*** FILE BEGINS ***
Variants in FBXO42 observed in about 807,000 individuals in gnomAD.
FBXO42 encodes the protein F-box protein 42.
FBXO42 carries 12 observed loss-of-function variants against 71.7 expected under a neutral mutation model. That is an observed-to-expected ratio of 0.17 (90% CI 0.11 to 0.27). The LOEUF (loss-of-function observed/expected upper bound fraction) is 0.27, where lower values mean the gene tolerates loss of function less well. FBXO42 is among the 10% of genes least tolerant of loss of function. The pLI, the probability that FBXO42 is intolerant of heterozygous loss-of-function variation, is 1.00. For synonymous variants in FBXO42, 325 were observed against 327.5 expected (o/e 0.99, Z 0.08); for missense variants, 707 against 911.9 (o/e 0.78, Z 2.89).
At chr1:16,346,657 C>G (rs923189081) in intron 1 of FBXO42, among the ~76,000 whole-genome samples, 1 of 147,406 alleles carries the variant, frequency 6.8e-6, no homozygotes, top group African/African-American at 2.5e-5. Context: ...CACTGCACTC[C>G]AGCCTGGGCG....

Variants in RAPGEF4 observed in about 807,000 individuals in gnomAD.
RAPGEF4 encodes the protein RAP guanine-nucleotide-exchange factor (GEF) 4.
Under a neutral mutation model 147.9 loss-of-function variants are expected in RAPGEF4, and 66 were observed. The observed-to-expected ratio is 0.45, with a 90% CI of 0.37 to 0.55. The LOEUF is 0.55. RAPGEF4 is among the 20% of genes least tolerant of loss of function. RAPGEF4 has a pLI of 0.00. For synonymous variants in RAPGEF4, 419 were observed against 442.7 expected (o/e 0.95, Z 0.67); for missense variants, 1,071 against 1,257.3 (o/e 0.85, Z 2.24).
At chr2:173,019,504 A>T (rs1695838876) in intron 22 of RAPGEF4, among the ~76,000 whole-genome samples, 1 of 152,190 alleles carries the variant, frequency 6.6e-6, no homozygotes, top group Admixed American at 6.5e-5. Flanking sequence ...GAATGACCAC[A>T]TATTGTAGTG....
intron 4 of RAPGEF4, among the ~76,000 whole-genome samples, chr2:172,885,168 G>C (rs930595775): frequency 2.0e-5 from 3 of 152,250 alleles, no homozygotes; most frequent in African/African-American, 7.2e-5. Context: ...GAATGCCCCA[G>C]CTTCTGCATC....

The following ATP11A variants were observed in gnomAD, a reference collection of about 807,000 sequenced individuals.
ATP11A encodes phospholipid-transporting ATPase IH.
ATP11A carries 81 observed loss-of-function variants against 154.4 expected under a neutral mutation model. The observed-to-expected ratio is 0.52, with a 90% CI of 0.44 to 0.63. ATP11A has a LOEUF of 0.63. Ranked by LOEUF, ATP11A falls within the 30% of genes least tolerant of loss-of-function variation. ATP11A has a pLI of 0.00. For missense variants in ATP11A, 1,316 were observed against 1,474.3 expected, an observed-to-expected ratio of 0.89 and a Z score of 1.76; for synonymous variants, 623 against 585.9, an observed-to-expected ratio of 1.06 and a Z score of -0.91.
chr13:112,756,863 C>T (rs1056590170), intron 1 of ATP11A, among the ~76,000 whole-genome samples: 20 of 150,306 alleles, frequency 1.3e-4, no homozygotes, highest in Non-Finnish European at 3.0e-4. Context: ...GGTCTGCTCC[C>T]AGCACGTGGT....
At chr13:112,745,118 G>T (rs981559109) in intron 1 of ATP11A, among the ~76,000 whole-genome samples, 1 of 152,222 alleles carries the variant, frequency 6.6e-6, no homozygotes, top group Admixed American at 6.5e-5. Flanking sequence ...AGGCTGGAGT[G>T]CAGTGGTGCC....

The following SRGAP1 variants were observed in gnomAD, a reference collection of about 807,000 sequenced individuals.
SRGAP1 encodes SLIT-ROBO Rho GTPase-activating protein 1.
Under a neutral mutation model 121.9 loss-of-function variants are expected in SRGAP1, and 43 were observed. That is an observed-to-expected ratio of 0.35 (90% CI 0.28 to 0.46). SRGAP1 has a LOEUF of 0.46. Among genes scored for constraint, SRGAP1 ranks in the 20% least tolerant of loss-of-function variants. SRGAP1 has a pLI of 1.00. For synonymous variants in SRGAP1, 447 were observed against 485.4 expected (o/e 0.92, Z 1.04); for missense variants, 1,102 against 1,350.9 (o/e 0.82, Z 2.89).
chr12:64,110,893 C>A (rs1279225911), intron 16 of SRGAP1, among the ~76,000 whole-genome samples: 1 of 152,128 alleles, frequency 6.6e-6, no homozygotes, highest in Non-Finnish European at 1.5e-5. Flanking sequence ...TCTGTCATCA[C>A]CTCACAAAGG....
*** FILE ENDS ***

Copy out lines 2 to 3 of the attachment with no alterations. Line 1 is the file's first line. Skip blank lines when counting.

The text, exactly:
FBXO42 encodes the protein F-box protein 42.
FBXO42 carries 12 observed loss-of-function variants against 71.7 expected under a neutral mutation model. That is an observed-to-expected ratio of 0.17 (90% CI 0.11 to 0.27). The LOEUF (loss-of-function observed/expected upper bound fraction) is 0.27, where lower values mean the gene tolerates loss of function less well. FBXO42 is among the 10% of genes least tolerant of loss of function. The pLI, the probability that FBXO42 is intolerant of heterozygous loss-of-function variation, is 1.00. For synonymous variants in FBXO42, 325 were observed against 327.5 expected (o/e 0.99, Z 0.08); for missense variants, 707 against 911.9 (o/e 0.78, Z 2.89).